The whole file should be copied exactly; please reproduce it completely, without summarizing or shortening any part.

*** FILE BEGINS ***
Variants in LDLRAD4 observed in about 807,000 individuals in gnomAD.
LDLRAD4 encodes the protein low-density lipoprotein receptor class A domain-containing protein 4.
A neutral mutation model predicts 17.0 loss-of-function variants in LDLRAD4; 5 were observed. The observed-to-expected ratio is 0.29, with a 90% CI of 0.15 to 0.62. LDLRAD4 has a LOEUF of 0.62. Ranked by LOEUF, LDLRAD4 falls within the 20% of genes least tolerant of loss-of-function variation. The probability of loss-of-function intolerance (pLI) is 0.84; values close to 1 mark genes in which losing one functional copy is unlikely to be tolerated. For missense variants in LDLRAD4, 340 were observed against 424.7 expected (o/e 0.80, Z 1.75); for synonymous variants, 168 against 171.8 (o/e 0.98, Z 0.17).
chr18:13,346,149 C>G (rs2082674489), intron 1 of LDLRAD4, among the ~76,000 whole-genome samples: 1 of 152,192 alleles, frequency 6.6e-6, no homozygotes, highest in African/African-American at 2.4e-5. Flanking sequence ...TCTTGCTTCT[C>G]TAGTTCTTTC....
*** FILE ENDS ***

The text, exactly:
Variants in LDLRAD4 observed in about 807,000 individuals in gnomAD.
LDLRAD4 encodes the protein low-density lipoprotein receptor class A domain-containing protein 4.
A neutral mutation model predicts 17.0 loss-of-function variants in LDLRAD4; 5 were observed. The observed-to-expected ratio is 0.29, with a 90% CI of 0.15 to 0.62. LDLRAD4 has a LOEUF of 0.62. Ranked by LOEUF, LDLRAD4 falls within the 20% of genes least tolerant of loss-of-function variation. The probability of loss-of-function intolerance (pLI) is 0.84; values close to 1 mark genes in which losing one functional copy is unlikely to be tolerated. For missense variants in LDLRAD4, 340 were observed against 424.7 expected (o/e 0.80, Z 1.75); for synonymous variants, 168 against 171.8 (o/e 0.98, Z 0.17).
chr18:13,346,149 C>G (rs2082674489), intron 1 of LDLRAD4, among the ~76,000 whole-genome samples: 1 of 152,192 alleles, frequency 6.6e-6, no homozygotes, highest in African/African-American at 2.4e-5. Flanking sequence ...TCTTGCTTCT[C>G]TAGTTCTTTC....